It was encouraging to see 40 U.S. House Republicans joining 60 Democrats last week in urging the deficit-reduction supercommittee to explore new revenue options to help cut $1.5 trillion from future U.S. budget deficits.
There are, however, 535 members of Congress, so we have a long way to go. But it’s a start.
“To succeed, all options for mandatory and discretionary spending and revenues must be on the table,” the group wrote in an open letter to the committee. “Our country needs our honest, bipartisan judgment and our political courage.”
The supercommittee is facing a Nov. 23 deadline and has been deadlocked on the same issues as the Congress at large.
Democrats are reluctant to make entitlement cuts, while Republicans have pledged not to increase taxes for any reason at all.
Meanwhile, the Obama administration is poised to make all of these problems even worse by seeking further reductions in Social Security taxes in the name of economic stimulus.
The president is subscribing to the same cut now/pay later philosophy that’s to blame for our current national debt problem.
Obama would cut taxes now and increase them later to make up the shortfall. As we have seen in recent years, that just doesn’t work.
The conservative Washington Post economist and columnist Robert Samuelson recently had an intriguing idea.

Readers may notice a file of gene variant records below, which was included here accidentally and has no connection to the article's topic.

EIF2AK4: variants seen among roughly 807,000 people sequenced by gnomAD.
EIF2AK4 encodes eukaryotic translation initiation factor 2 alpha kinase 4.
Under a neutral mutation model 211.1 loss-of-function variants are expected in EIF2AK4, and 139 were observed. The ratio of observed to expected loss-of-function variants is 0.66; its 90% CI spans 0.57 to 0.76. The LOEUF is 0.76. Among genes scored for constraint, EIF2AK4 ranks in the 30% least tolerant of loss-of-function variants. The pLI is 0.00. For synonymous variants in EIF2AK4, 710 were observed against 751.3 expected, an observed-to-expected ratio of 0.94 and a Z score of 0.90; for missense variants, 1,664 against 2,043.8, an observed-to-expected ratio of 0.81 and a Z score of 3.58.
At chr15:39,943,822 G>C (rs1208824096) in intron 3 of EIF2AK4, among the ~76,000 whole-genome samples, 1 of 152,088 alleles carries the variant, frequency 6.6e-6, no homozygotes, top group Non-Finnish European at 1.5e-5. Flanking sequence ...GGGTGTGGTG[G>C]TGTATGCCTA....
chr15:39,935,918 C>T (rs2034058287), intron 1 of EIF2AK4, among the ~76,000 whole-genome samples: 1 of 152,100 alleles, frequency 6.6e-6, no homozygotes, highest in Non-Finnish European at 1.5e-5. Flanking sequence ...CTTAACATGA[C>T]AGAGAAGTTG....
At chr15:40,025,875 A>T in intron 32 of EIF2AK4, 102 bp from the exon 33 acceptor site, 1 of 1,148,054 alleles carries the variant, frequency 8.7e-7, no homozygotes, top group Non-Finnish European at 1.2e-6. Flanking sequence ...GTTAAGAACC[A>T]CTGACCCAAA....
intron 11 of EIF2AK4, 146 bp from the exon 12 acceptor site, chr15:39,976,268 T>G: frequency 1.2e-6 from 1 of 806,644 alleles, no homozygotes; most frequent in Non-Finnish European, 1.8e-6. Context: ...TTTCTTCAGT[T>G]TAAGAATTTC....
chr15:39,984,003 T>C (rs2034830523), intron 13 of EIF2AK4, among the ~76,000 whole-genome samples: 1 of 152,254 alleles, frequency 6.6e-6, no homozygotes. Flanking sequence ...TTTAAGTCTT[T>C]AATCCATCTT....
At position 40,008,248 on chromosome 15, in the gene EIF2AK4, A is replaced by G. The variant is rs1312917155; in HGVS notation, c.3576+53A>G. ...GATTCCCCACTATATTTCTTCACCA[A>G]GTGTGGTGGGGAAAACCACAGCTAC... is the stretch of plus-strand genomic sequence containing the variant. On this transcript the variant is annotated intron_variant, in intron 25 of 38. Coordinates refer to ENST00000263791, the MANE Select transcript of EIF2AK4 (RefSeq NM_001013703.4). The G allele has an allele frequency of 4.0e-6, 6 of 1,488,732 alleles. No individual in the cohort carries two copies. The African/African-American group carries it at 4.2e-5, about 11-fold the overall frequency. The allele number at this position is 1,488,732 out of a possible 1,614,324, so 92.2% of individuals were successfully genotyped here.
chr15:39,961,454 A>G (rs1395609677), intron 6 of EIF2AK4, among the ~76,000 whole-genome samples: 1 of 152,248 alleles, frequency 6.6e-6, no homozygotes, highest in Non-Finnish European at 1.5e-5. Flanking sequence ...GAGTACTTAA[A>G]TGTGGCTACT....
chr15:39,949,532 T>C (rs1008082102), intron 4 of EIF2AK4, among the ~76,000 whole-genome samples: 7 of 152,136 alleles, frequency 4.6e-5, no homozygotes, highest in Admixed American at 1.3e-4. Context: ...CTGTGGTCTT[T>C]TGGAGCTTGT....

His “fantasy” would be to have retired presidents Bill Clinton and George W. Bush tour the country together as a “two-man truth squad.”
They could tell the country what it needs to hear, that it will take a combination of spending cuts and revenue increases to put a real dent in the U.S. deficit.
This is the same thing Alan Simpson and Erskin Bowles recommended after heading a presidential commission that studied deficit solutions in 2010.
The commission’s co-chairs recommended a host of entitlement cuts, including farm subsidies, Social Security, civilian and military federal pensions and student loan subsidies.
They recommended gradually increasing the payroll tax and the retirement age, while reducing various tax breaks such as the home mortgage interest deduction.
The co-chairs suggested cutting the corporate tax rate from 35 percent to 26 percent, while eliminating various loopholes.
Their recommendations were attacked from all sides and then ignored by the president who appointed them.
That opposition is why we are in the fix we’re in today. Members of Congress are afraid of offending the interest groups and corporations that fund their campaigns.
The ex-presidents certainly understand the pressure, and they clearly owe the American people some leadership.
Clinton could have helped solve the entitlements problem when the country was relatively flush in the 1990s. Instead, he did nothing.
Bush could have tackled the deficits in 2001 when the country was projecting budget surpluses. Instead, he chose to cut taxes, fight two wars on borrowed money and give seniors an unpaid-for Medicare drug benefit.
The two men could now educate the American people while putting pressure on Congress to compromise for the sake of our economy and our country.
It would be an act of courage that Americans would long admire.
The opinions expressed in this column reflect the views of the ownership and editorial board.